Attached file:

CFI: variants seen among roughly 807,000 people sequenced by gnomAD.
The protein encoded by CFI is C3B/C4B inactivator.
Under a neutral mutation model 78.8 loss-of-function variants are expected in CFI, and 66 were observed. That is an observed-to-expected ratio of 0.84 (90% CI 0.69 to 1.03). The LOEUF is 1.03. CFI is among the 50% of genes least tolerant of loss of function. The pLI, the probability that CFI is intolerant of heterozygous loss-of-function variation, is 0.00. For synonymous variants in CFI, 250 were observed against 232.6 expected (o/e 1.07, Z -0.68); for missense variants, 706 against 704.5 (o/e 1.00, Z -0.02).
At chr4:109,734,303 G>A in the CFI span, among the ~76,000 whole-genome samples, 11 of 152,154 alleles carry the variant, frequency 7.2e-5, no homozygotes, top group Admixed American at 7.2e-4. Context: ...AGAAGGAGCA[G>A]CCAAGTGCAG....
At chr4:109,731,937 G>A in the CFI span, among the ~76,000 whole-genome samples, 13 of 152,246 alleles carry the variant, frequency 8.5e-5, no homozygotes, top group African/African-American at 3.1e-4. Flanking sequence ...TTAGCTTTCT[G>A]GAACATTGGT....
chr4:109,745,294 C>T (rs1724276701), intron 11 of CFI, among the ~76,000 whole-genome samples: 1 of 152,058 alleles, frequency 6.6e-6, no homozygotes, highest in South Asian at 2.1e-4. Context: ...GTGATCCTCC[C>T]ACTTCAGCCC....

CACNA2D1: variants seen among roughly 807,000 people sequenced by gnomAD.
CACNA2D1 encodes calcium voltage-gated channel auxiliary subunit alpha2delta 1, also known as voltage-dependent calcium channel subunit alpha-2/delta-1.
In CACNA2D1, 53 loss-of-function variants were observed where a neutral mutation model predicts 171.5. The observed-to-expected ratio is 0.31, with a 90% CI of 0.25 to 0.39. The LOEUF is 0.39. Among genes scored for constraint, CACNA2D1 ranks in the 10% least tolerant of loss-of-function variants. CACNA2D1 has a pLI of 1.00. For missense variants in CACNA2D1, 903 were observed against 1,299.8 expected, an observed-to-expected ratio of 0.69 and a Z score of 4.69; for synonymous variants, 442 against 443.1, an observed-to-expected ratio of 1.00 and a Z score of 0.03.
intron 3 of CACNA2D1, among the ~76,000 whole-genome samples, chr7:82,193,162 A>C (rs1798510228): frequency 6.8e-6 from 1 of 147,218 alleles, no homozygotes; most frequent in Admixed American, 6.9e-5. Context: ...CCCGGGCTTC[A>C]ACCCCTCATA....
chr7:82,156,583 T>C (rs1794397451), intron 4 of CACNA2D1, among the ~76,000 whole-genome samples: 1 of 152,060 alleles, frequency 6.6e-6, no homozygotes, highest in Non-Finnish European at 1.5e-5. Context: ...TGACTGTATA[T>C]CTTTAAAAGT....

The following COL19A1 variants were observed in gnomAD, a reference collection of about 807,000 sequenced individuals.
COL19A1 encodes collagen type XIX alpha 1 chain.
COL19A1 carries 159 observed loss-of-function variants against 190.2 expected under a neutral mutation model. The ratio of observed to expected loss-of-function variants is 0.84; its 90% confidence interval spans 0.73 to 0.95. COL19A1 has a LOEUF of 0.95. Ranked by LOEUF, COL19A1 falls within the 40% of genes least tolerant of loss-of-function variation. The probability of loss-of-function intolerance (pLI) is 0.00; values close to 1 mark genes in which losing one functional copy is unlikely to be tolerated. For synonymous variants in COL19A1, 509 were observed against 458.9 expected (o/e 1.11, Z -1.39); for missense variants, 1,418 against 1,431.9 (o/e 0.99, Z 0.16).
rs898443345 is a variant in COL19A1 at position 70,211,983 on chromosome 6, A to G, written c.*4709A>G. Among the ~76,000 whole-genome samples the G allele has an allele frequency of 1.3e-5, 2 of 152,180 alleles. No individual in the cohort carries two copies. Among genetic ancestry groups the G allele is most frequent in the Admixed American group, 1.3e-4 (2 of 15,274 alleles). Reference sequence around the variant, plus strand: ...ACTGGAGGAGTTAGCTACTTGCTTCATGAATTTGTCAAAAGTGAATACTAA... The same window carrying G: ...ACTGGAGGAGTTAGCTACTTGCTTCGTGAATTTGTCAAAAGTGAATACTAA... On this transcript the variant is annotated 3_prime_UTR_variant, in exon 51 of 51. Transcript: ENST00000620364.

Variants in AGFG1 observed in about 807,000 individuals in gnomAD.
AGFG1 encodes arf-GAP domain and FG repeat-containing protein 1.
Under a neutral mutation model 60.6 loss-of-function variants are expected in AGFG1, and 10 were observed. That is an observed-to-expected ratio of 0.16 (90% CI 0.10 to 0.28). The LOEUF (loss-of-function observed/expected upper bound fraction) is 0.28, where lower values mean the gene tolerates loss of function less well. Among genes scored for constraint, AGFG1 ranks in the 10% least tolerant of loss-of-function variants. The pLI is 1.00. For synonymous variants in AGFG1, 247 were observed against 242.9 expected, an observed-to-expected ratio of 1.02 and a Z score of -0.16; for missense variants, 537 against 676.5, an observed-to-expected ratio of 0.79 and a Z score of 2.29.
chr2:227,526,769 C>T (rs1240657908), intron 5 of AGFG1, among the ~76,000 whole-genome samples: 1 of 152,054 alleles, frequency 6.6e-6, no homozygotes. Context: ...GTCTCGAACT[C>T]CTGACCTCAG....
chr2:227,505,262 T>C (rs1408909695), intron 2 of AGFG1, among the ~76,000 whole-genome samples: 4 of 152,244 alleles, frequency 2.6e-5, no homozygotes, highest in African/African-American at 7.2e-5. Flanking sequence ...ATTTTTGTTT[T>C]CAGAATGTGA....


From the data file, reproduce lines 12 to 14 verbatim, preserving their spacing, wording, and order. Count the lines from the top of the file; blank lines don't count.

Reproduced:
The following COL19A1 variants were observed in gnomAD, a reference collection of about 807,000 sequenced individuals.
COL19A1 encodes collagen type XIX alpha 1 chain.
COL19A1 carries 159 observed loss-of-function variants against 190.2 expected under a neutral mutation model. The ratio of observed to expected loss-of-function variants is 0.84; its 90% confidence interval spans 0.73 to 0.95. COL19A1 has a LOEUF of 0.95. Ranked by LOEUF, COL19A1 falls within the 40% of genes least tolerant of loss-of-function variation. The probability of loss-of-function intolerance (pLI) is 0.00; values close to 1 mark genes in which losing one functional copy is unlikely to be tolerated. For synonymous variants in COL19A1, 509 were observed against 458.9 expected (o/e 1.11, Z -1.39); for missense variants, 1,418 against 1,431.9 (o/e 0.99, Z 0.16).